Painting trim is easy.
Painting it well? Well, that can be a little more tricky. But if you want to spruce up your rooms this spring, there’s no need to shell out big bucks for a professional painter. With a little care and patience, you can get a pro-style paint job on a DIY budget.
Before you start, gather the following supplies:
• Spackling compound and/or wood filler
• Flexible putty knife
• Frost King weatherstripping
• Rags or sponges
• Painter’s tape
• Drop cloths
• Angled brush
Pro tip: If you’re painting the entire room, paint the trim before you paint the walls—you’ll end up with cleaner lines and a more polished-looking room.
Before you get started, follow our tips for a job well done.
1. Great results require careful prep work. The first step is to go over all trim with sandpaper to rough up the surface. Use 120-grit if your trim is in good shape. If it’s chipped or dinged up, you’ll need to smooth all the rough spots. Start with 80-grit sandpaper, then smooth and blend the areas with 100-grit sandpaper, and finish with 120-grit. (Note: If your home was built before 1979, check for lead paint before you start to sand. Call your local public health department to learn how to properly test for lead paint.) Fill any holes or dents with wood filler or spackling compound. Let it dry, and then sand until smooth.
As you are sanding trim around doors and windows, look for any gaps around doors and windows and seal them up with Frost King weatherstripping. This extra step will pay off in energy savings all year long. Watch this video to learn how to seal doors:
and this video to learn how to add weatherstripping around windows:
Use caulk to fill gaps between the trim and the wall.
2. Once you’ve finished sanding, caulking, and adding weatherstripping, carefully wipe any dust from the trim surfaces with a lint-free rag or damp sponge, and then apply painter’s tape to the edges for a crisp, clean paint line. Run your finger over the edge of the tape to seal it and remove any air bubbles. If you’re painting baseboards in a carpeted room, you can try to remove the carpet’s tack strip and pull the carpet away from the trim so you can paint right down to the floor or you can use a carpet shield to protect the carpet while you are painting.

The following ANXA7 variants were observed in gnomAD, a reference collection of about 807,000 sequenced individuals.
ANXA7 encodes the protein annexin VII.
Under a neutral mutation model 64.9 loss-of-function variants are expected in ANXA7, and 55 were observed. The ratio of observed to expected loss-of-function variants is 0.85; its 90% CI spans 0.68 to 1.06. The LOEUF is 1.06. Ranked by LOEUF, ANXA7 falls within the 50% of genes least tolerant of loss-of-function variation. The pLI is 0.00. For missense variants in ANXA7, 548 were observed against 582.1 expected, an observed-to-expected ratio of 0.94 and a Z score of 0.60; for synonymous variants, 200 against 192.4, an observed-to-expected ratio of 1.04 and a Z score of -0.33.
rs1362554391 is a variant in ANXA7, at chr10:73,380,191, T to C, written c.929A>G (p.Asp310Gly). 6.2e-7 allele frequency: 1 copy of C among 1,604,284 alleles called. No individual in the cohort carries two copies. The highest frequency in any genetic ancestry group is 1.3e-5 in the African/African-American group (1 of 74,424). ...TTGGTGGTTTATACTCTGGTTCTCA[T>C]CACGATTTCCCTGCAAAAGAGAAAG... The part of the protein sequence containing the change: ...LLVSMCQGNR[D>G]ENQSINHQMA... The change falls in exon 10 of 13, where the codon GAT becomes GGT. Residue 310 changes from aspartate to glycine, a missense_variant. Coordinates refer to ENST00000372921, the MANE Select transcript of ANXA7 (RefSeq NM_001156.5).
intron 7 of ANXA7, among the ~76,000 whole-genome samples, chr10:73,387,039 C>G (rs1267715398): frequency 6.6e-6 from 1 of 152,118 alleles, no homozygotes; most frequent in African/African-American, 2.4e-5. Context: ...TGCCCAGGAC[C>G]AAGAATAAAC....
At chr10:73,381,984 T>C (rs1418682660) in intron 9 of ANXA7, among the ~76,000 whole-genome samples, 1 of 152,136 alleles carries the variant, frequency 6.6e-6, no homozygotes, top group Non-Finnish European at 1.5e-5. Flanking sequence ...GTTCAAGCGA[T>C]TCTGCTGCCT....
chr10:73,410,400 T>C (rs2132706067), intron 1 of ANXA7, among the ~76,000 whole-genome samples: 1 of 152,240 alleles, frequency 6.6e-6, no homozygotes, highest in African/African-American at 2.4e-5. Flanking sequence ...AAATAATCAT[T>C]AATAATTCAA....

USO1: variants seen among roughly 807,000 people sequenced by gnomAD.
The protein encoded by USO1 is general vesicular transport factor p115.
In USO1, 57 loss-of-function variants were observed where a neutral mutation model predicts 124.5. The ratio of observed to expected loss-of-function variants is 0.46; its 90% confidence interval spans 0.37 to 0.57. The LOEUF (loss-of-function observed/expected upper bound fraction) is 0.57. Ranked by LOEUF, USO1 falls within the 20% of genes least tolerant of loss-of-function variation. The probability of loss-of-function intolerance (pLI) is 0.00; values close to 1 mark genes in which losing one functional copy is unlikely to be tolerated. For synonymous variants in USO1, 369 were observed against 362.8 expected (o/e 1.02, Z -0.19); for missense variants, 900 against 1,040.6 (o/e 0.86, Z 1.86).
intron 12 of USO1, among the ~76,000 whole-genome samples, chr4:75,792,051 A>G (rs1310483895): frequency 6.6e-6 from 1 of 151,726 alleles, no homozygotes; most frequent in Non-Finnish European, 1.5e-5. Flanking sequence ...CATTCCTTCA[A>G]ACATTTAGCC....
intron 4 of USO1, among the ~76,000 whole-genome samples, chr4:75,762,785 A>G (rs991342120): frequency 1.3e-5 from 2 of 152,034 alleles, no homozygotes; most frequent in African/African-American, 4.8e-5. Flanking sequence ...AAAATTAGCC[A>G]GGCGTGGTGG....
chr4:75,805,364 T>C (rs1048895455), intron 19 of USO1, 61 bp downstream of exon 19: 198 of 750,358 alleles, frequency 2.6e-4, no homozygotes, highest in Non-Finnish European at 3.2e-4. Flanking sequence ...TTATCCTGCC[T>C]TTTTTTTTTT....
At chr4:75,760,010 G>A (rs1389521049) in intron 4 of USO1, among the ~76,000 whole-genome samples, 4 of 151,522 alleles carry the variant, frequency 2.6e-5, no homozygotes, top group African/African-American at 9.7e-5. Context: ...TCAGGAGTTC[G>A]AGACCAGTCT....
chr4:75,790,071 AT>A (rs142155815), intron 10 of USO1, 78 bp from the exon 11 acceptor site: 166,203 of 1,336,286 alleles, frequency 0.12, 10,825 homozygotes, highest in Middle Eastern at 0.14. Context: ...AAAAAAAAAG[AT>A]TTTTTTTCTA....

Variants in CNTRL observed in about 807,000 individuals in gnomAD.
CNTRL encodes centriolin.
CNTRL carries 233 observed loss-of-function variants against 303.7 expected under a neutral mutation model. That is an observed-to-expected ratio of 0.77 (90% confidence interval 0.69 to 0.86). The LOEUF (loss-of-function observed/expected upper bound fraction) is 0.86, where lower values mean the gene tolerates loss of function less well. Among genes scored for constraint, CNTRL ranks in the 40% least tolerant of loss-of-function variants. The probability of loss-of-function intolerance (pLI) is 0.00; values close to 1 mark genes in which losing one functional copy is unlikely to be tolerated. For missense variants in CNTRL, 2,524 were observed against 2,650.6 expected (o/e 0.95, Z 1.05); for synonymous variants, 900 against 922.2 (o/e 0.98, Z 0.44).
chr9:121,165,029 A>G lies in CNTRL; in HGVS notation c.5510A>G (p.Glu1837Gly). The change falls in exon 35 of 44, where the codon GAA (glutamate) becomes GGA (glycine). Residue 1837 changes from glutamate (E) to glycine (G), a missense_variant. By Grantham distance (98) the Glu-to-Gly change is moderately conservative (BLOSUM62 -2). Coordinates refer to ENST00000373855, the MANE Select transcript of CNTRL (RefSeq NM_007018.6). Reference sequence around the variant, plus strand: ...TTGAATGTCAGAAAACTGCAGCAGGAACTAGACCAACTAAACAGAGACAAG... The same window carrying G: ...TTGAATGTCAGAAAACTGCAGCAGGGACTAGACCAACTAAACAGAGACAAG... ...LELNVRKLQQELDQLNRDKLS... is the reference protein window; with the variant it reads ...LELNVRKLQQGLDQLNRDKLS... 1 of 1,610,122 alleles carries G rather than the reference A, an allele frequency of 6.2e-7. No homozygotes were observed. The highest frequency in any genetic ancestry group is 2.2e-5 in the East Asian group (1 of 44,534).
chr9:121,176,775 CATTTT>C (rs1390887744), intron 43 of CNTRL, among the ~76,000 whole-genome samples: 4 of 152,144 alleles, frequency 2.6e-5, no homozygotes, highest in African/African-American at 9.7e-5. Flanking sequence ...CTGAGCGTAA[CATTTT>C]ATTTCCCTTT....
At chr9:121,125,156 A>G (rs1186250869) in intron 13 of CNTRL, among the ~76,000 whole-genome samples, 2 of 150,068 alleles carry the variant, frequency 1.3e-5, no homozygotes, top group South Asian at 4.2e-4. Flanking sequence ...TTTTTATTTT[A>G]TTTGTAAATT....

3. Lay down drop cloths to catch paint spray or splatters. Brush a stain-sealing primer over any patched or bare areas to help the trim paint adhere. Let the primer dry thoroughly, then prime all the trim.
4. It’s finally time to start painting! Most people find it’s easier to pour paint into a smaller bucket rather than using paint directly from the can. Using an angled brush, cut in the edges and then, working with small sections at a time, apply paint to the trim with short strokes, then smooth the paint with one long stroke. To avoid brushmarks, always start in an unpainted area and brush towards a painted area, and work quickly so the paint does not have time to dry. Work your way around the room, painting small sections at a time, until all the trim is painted. In most cases, you’ll have to apply two coats for a smooth, durable finish. Let the first coat dry thoroughly before painting a second coat.
When painting a surface with a sharp edge, such as the top of a door frame, avoid brushing across the edge, which can result in paint drips. Instead, brush toward edges or along them. If paint drips, wipe it up immediately with a dry brush, a rag, or your finger.
5. Once the paint is dry, remove the painter’s tape by slowly and carefully pulling it away at a 45-degree angle. Then step back and admire a job well done!